I have said that several members of the Pr-v-s-nal G-v—rnm-nt were present at the entertainment, and I was much pleased with their intellectual physiognomies. The Pr-s-d-nt of the C-nc--l,

M. Dup-nt de l'E-re, a respectable old gentleman of eighty, had what the French call that remarkable air bête which gives such a fine expression to the countenance. M. L—dru R—llin, who holds up his head like a British grenadier, seemed to be thinking of the "row, row, row-dowdow" which is likely to accompany his onward march. M. L-is Bl-nc I could not see, though I was assured he was present, but this might very easily have been the case. Of M. Lam-rt-ne, I shall only observe that he is a poet as well as a statesman, and that he resembles two personages known to the British public-our own Byron-and unless my lookingglass deceives me-your own Jolly Green.

"What's the name of that place," whispered Podder to me, as we were leaving the theatre; "where Mr. Hogwash is going to take us to now ?"

"It's only his club," replied I.

"What did he say was the name of it?"

"La Société centrale des Coupegorges bleus." "And what does that mean?"

"The Central Society of Blue Cut-throats."

"You don't say so," almost shrieked Podder, "why you are not such a fool, Green, as to rush into a den of cut-throats! I'll be hanged if I'll go, and, what's more, I'll be hanged if you shall go either! You brought me here to be amused, and now you're going to get your throat cut. D-n 'em, I must say I hate 'em all, every man-jack of 'em."

At the first moment, I felt disposed to rebuke Podder severely for his ignorant, not to say cowardly, suspicion; but reflecting that the poor fellow's motive was chiefly attachment to my person and dynasty, I calmed his apprehensions, by telling him that, if he positively insisted on it, I would decline being sworn in that night, a ceremony which Gouache had previously told me at dinner was invariably accompanied by quaffing a goblet of blood. This quieted him, and, in a few words, I stated my intentions to Gouache, who appeared sorry to lose sight of us so soon. However, he consented to the arrangement, and after seeing us safely to our hotel, he left us, with a promise to call the next day after we should have returned from the H-tel de V-lle, when, he hinted, if it suited my convenience, he should be happy to touch (toucher was the word he used) the sum, or a part of it, which I was disposed to

pay for the

Salvator. We were up betimes next day, for besides the preparation for our interview, I had some work for my secretary. It will be remembered that when I was last in P-ris, I purchased the marquisate of Cornichon, in the commune of Fanfreluches, in the Pyr-nees, and although I was cheated out of the title by the Viscount de Vieux-Rusé, I still had the title-deeds of the estate in my strong box at home. I had not brought them with me, not being aware of the rights which they conferred, till on taking up Galignani's Messenger, I saw in it a paragraph stating that a certain noble and learned lord (whom I will not particularise further than by saying that his name begins with B and ends with m, and that he was formerly L-rd H-gh Ch-nc-11-r of Engl-nd), had applied to the M-n-ster of J-st-ce for letters of naturalisation, in consequence of his possessing an estate in the south of Fr-nce. As the noble lord in question has all his life been held to be an acute lawyer, I May.-VOL. LXXXIII. No. CCCXXIX.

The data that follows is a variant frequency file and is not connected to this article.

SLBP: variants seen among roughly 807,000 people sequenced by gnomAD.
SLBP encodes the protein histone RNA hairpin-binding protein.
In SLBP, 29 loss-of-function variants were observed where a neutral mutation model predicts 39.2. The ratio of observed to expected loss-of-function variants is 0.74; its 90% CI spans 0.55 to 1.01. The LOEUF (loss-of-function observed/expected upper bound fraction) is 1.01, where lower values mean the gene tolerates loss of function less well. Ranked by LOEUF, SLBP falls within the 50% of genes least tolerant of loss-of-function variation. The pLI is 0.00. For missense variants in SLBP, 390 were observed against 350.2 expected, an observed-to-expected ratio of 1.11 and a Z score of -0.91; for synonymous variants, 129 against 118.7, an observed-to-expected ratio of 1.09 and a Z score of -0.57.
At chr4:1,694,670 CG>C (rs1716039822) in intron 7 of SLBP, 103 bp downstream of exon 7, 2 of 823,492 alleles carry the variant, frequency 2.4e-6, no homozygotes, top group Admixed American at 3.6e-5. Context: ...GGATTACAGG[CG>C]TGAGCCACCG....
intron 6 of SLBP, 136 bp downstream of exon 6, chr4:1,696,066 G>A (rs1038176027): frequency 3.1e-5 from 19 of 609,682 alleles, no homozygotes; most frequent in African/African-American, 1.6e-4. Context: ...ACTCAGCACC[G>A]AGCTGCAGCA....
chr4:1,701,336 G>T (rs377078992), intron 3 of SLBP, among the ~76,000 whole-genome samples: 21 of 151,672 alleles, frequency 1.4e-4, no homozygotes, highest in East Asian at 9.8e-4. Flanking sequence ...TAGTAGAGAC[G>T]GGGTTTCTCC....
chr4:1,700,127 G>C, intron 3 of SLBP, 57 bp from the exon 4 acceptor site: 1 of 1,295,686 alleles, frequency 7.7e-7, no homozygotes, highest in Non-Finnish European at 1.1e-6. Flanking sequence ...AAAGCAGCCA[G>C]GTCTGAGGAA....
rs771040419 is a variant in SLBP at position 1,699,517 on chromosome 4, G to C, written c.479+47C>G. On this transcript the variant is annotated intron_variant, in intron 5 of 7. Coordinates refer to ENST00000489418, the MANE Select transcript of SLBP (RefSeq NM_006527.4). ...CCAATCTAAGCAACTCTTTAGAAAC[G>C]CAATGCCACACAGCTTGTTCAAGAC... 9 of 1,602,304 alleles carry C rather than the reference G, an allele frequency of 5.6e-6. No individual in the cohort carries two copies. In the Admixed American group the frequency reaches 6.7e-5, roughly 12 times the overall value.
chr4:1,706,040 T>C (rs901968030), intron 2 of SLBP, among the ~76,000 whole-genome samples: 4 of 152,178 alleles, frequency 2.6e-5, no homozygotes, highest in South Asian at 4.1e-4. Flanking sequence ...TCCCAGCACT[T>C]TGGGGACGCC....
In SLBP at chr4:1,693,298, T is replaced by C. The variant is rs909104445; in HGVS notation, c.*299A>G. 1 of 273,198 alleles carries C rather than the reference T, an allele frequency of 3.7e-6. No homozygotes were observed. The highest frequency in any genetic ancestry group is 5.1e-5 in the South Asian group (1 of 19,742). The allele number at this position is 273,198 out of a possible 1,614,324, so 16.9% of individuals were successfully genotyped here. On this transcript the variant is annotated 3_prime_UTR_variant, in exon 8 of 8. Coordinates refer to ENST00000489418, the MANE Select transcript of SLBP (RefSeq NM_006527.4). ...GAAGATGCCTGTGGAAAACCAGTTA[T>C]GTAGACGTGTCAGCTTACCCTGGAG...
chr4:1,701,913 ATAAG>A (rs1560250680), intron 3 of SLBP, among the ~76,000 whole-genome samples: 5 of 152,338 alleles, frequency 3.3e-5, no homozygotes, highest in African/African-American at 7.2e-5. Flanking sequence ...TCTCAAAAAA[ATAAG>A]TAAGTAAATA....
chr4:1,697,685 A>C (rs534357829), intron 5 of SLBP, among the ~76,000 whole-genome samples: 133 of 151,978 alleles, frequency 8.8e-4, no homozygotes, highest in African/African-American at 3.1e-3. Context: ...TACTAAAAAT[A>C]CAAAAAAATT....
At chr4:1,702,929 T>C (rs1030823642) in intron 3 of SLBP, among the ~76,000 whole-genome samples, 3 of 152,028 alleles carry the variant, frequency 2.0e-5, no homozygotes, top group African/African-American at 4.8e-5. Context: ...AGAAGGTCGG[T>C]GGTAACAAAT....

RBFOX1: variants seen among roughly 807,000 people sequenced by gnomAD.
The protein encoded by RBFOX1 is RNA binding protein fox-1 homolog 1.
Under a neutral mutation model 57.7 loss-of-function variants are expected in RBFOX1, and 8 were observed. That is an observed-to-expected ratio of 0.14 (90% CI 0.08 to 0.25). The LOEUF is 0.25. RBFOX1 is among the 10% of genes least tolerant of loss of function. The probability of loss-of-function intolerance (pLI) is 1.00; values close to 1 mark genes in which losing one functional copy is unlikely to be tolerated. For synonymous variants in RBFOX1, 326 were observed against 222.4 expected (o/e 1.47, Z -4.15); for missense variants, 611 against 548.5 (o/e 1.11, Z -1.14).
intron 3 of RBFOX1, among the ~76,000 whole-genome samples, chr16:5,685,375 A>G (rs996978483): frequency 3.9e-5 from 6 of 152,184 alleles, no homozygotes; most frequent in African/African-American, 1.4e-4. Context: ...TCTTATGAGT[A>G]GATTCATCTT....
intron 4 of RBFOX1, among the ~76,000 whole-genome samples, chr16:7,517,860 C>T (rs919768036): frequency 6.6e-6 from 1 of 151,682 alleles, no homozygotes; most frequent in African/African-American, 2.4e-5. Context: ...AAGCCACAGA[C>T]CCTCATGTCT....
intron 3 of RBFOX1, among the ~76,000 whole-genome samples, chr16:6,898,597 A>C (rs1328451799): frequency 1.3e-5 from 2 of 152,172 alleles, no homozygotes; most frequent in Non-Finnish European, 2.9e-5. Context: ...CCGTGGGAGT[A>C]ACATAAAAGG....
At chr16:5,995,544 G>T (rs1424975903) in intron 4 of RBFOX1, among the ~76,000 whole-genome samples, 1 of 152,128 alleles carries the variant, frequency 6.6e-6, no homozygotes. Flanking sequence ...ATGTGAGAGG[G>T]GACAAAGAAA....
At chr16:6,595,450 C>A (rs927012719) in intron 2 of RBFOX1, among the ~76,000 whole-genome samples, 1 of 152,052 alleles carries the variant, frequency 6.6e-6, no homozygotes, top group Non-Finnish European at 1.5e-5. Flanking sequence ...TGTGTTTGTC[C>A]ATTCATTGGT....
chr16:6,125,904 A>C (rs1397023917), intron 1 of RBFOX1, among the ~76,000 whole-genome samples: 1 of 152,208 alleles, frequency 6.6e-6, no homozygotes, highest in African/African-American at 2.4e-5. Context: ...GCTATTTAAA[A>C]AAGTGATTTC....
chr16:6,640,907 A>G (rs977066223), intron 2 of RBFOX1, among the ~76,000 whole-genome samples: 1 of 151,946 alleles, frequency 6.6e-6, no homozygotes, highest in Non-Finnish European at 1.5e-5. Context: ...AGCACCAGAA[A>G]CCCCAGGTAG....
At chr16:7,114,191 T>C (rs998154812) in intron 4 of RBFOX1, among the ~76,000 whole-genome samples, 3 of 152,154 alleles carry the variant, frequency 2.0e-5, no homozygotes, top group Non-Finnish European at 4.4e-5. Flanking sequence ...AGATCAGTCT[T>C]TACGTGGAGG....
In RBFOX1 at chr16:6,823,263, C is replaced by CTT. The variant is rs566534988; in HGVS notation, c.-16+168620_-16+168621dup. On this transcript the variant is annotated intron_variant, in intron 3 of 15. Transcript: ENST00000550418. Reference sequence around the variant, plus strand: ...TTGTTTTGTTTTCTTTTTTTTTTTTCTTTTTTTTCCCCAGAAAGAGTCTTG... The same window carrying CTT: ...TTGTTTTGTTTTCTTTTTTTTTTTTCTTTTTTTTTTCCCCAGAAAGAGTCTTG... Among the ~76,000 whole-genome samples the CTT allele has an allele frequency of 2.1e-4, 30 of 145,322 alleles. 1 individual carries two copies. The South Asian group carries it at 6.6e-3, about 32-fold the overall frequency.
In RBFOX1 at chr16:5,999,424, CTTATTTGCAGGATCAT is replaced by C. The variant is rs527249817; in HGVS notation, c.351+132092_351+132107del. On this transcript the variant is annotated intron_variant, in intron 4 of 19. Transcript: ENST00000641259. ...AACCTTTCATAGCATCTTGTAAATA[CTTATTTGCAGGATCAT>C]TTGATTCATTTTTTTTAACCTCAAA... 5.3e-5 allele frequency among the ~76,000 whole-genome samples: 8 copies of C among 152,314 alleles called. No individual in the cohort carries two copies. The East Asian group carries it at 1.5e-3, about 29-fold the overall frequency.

could not, of course, do wrong in following his example. I therefore set Podder to work, and under my dictation he composed a very forcible letter to M. Cr-m-x, in which I stated that having acquired the Cornichon property by purchase under the late dyn-sty, I was desirous that an act of naturalisation should be passed "with the shortest possible delay," as it was my intention to offer myself as a candidate for a seat in the approaching N-t-nal Ass-mbly, by coming forward to represent the dep-tm-nt in which my property was situated. This letter off my mind I despatched it by my Savoyard messenger to the M-n-stry of J-st--ce, and waited the issue.

I then resumed my preparations for the interview with M. L-mrt-ne. It took Podder and myself full two hours to prepare the address, which we modelled, as well as we could, upon those which had been already presented by the P-lish patriots and the D-bl-n demonstrators, pith, vigour, and sublimity being its principal characteristics. We then arrayed ourselves in tri-coloured scarfs, worn cross-wise as Mademoiselle Rachel had done the night before, and as the mutes also wear them at funerals, put on our c-ps of 1-b-rty, into which we had pinned tri-coloured rosettes, and with a tri-coloured flag in each hand mounted on the ends of our walking-sticks and umbrellas, we set out for the H-tel de V-lle, I taking the lead, of course, and Podder, as my secretary, following at a respectful distance. The procession was a very imposing one, and attracted a great deal of attention; we took the route of the Pl-ce du C-rr-sel and along the quays, and were repeatedly cheered as we passed along, the people exclaiming "Vive la députation de Peckhang," as I from time to time halted to inform them who we


It wanted about five minutes to one when we arrived at the H-tel de V-lle, and on sending up my card, we were immediately admitted. M. Lam-rt-ne was the only m-n-ster present, but there were several other official personages beside him. An expression of surprise, perhaps at the small number composing the deputation, was on their countenances, but with a smiling aspect they welcomed us. I then handed my two flags to Podder, who had much ado to hold them as well as his own, letting them fall down two or three times, with a tremendous clatter, and moving three steps forward, in slow military time, pointing my toe well as I advanced, I drew up in front of the m-n-ster, took the address out of my pocket, and read as follows: